Not sure what these guys were advertising,
but they are pretty impressive.
As fun as boarding the same train back to Tokyo with a million other people as the game show closed and everyone stampeded for the exit would have been, we ended up deciding to leave twenty minutes earlier and catch a different train, thus avoiding having our limbs crushed. We therefore left at 4:40pm, boarded the wrong train, sat in the reserved section and were charged ¥500 by an irritable ticket inspector. The train was fortunately still going to Tokyo, so we did at least end up in the right place. Henry somehow had about ¥10000 ‘extra money’ left. We weren’t quite sure how this had happened, given that he had spent about as much as the rest of us put together, but in any case, we did make one final stop at Akihabara for him to sort out this terrible problem by purchasing the blu-rays of the Fate/Stay Night TV reproduction for exactly that amount. That was our last purchase, however, and we headed back to the hostel after that to finish our packing.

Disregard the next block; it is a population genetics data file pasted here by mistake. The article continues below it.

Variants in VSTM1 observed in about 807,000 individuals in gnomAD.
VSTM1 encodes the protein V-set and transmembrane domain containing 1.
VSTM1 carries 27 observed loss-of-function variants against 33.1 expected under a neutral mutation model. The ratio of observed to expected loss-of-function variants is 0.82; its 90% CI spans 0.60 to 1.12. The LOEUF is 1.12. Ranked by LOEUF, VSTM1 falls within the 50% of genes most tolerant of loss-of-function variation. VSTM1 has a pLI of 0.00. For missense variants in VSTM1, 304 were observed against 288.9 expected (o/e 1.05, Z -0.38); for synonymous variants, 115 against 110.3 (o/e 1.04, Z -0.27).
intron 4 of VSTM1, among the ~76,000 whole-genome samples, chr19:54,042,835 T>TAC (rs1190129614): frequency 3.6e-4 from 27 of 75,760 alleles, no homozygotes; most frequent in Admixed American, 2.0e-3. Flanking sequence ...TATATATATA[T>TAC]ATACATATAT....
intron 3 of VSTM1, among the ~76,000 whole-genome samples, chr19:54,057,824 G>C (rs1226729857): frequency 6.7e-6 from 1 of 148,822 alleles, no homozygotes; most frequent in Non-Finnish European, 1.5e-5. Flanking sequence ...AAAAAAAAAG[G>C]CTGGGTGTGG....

In some ways it’s a shame that I don’t really have the interest in games that I used to. I remember cycling home at suicidal speeds to pick up my copy of the original Fable, and bolting down breakfast so that I could spend half an hour playing Knights of the Old Republic before school when it had just been released. But I’ve had Final Fantasy XIII for almost a year now, and I’m not even half way through (and this is Final Fantasy - my favourite series of games of all time). I’ve got a bunch of other games sitting at home (Dragon Age, WET) which I’m half way through and bored with. I think it’s probably me that’s changed rather than the games, and while in some ways I miss getting the levels of excitement I used to get out of gaming, in some ways it’s a blessing. Conquering challenges in the real world is, after all, much more satisfying than taking down dragons and demons in the virtual world, and time is scarce enough that one invariably comes at the expense of the other.